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Phuket Books: The all-American horror tale of a tough childhood

Legacy Phuket Gazette

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Phuket Books: The all-American horror tale of a tough childhood | The Thaiger

PHUKET: In 1989, Tobias Wolfe published his block-breaking memoir This Boy’s Life, later made into a movie with Robert DeNiro and Leonardo DiCaprio. Tobias Wolfe was the mentor of Mary Karr who published her own masterpiece memoir in 1995: The Liar’s Club.

These two books about hard-scrabble childhoods marked the emergence of a new literary era and unleashed a floodgate of memoirs, but few have reached the standards that Wolfe and Karr set.

You might think Karr had a tough life growing up in the oil refinery town of Port Arthur, Texas, the daughter of an alcoholic father devoted to bars and pool halls, and an equally alcoholic mother devoted to poetry and painting. But along comes Walls with her memoir of a much worse life, The Glass Castle (Scribner, New York, 2005, 288pp).

Karr’s father was an oil worker who kept a roof over her family’s head and food on the table. Walls’s father was an electrician who was constantly fired, drank up what money there was and left his four children hungry. Her mother was a poet and painter and equally indifferent to her children.

They bounced around little desert towns in the American West before settling in Welch, her father’s home town in the mountains of West Virginia’s coal country. He becomes the town drunk as the children sink deeper into hunger, cold and raw poverty, and the mother remains dreamily above it all.

“We fought a lot in Welch,” the author writes. “Not just to fend off our enemies, but to fit in. Maybe it was because there was so little to do in Welch; maybe it was because of all the bloody battles over unionizing the mines; maybe it was because mining was dangerous and cramped and dirty work, and it put all the miners in bad moods and they came home and took it out on their wives, who took it out on their kids, who took it out on other kids. Whatever the reason, it seemed that just about everyone in Welch – men, women, boys, girls – liked to fight.”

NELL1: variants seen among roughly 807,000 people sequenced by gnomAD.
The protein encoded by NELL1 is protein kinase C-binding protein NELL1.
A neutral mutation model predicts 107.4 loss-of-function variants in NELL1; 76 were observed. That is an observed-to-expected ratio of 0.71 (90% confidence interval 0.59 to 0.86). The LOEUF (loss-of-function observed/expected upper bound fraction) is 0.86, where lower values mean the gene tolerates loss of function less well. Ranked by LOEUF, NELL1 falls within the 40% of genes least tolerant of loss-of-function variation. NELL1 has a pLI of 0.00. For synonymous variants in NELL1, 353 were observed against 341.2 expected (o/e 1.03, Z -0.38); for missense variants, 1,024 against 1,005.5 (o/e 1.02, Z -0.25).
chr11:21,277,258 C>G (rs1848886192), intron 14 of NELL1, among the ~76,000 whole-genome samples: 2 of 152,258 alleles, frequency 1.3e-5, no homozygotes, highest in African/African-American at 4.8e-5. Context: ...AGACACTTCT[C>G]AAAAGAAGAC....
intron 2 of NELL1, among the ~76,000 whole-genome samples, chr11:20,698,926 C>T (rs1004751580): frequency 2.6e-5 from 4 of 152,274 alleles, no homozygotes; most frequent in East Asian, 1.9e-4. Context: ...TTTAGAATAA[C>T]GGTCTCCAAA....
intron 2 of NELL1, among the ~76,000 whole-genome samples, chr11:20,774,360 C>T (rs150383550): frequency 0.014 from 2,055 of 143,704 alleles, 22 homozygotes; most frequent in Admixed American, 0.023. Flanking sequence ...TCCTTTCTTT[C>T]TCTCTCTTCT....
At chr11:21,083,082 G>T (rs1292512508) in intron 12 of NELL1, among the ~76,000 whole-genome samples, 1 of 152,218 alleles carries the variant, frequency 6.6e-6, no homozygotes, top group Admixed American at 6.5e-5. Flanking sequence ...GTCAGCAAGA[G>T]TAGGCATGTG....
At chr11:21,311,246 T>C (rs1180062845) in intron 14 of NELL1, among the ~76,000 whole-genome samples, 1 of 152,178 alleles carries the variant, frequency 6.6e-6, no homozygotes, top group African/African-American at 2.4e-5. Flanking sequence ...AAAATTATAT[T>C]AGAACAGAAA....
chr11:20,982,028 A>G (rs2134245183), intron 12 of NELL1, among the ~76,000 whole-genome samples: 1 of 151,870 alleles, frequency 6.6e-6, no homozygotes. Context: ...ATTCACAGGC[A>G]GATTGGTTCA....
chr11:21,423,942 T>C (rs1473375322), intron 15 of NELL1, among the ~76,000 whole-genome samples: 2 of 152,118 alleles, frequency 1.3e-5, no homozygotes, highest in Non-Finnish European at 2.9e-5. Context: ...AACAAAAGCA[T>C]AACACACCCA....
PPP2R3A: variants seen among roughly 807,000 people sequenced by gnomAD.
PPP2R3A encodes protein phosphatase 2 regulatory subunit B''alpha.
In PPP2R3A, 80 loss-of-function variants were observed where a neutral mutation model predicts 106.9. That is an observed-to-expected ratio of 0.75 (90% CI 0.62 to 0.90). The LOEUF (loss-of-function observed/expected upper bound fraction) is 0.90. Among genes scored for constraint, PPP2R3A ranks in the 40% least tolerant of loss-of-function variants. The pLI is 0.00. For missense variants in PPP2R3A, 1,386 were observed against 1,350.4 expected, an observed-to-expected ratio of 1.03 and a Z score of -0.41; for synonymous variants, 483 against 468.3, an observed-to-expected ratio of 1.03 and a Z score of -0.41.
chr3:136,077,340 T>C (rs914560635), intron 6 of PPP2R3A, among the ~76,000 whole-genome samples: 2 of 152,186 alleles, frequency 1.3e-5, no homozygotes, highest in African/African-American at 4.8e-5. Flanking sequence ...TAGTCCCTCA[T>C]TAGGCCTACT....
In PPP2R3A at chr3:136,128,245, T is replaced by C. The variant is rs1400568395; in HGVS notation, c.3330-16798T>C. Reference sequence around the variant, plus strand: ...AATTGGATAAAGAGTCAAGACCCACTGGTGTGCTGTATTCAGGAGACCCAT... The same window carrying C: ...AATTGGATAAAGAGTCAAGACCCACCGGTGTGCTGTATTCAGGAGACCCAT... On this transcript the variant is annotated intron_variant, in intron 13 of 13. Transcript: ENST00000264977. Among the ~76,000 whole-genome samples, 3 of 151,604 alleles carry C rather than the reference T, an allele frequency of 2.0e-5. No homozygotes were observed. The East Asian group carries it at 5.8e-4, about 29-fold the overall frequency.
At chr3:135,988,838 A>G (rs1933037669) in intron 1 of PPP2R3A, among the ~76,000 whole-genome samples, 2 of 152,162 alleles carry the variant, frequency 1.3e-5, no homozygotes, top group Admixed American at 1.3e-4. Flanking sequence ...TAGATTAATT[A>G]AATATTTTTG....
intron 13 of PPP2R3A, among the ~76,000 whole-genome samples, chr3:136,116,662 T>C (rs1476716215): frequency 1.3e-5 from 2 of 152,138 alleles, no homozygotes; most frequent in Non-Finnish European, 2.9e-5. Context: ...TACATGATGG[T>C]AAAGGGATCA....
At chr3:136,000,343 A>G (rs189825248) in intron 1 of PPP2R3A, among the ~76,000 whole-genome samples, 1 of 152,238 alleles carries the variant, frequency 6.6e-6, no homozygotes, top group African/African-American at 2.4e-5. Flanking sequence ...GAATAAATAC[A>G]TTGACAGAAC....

There are innumerable scenes of melodrama, like the Christmas when the drunken father stood up in church and cursed out the priest and then went home and set the Christmas tree on fire along with all the presents. The mother put up with the father because she is Catholic and refuses to go on welfare because it will be bad for her children’s character.

“Mom could be wise as a philosopher, but her moods were getting on my nerves,” Walls writes. “At times she’d be happy for days on end, announcing that she had decided to think only positive thoughts . . . But the positive thoughts would give way to negative thoughts, and the negative thoughts seemed to swoop into her mind the way a big flock of black crows takes over the landscape, sitting thick in the trees and on the fence rails and lawns, staring at you in ominous silence. When that happened, Mom would refuse to get out of bed.”

Lori, the eldest, vows to escape to New York City after high school graduation. She and her siblings save up money in a piggy bank which the father breaks, of course, and spends on drink. But Lori does escape, along with Jeanette, and then Daniel and Maureen. Later, their parents follow them to New York and become homeless people.